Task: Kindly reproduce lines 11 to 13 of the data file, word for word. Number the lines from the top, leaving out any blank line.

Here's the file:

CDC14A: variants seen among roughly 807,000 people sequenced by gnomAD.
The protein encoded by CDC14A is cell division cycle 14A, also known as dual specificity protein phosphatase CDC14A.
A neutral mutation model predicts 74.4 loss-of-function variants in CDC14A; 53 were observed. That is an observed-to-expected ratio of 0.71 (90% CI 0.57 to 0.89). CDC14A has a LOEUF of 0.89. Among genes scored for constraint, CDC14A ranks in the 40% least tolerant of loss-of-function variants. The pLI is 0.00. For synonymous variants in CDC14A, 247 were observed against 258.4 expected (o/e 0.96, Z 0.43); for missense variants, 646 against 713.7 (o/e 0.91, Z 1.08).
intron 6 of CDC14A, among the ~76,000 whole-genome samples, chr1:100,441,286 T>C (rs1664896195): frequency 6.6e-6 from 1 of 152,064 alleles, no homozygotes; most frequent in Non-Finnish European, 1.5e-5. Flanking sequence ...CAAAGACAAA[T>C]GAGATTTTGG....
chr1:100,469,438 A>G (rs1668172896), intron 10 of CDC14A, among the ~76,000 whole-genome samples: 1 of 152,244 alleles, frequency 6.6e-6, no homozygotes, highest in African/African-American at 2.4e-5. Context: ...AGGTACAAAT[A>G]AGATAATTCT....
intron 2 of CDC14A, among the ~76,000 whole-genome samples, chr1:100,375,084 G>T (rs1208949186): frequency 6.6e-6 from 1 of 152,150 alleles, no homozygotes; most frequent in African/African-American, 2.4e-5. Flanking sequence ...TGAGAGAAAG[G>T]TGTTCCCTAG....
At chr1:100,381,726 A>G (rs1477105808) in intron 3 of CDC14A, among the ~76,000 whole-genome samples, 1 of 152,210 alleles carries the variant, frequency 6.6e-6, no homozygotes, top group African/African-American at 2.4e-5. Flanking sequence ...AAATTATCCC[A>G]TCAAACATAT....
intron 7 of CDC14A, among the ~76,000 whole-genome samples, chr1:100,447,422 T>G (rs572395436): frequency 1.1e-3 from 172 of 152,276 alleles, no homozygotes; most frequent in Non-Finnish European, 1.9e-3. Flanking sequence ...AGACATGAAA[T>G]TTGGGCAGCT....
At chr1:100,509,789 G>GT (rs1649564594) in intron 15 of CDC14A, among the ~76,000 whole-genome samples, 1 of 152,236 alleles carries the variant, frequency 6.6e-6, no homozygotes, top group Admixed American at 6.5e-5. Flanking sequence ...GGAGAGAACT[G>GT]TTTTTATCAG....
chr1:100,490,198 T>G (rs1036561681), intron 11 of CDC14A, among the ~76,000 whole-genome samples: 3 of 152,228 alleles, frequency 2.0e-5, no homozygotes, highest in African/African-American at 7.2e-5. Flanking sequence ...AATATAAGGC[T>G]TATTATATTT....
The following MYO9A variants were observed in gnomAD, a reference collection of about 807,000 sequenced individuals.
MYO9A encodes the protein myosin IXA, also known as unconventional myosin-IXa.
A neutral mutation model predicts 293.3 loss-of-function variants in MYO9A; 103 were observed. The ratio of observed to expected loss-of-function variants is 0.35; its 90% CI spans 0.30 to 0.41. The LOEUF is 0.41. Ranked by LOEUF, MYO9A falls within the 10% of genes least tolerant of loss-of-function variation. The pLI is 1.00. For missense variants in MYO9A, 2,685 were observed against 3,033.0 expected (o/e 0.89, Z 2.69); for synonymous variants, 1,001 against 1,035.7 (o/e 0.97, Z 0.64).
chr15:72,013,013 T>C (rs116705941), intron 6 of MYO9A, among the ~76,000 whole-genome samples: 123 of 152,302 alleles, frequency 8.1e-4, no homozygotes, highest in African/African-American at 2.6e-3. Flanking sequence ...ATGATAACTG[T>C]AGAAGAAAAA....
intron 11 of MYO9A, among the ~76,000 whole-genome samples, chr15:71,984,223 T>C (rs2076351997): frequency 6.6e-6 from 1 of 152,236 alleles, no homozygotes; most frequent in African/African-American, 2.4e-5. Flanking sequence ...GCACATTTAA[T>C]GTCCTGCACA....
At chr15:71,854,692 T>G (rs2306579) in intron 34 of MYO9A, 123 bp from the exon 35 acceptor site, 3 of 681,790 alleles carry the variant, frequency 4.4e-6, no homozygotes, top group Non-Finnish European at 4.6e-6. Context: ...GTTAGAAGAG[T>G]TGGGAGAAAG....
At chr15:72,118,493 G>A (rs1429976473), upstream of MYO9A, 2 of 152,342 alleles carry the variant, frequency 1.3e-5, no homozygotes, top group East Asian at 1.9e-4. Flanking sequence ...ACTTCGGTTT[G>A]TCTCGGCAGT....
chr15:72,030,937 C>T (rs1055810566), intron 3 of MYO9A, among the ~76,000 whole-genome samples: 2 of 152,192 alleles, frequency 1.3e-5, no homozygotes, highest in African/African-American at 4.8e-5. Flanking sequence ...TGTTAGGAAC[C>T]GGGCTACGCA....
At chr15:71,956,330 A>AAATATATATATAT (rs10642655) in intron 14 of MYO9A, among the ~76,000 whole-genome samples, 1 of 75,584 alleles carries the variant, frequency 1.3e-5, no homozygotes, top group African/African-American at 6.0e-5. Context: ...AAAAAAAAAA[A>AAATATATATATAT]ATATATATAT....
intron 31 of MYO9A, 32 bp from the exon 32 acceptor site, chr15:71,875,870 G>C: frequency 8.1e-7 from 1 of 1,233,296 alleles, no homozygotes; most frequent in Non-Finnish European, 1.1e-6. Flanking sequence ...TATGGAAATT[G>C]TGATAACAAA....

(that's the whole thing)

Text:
The following MYO9A variants were observed in gnomAD, a reference collection of about 807,000 sequenced individuals.
MYO9A encodes the protein myosin IXA, also known as unconventional myosin-IXa.
A neutral mutation model predicts 293.3 loss-of-function variants in MYO9A; 103 were observed. The ratio of observed to expected loss-of-function variants is 0.35; its 90% CI spans 0.30 to 0.41. The LOEUF is 0.41. Ranked by LOEUF, MYO9A falls within the 10% of genes least tolerant of loss-of-function variation. The pLI is 1.00. For missense variants in MYO9A, 2,685 were observed against 3,033.0 expected (o/e 0.89, Z 2.69); for synonymous variants, 1,001 against 1,035.7 (o/e 0.97, Z 0.64).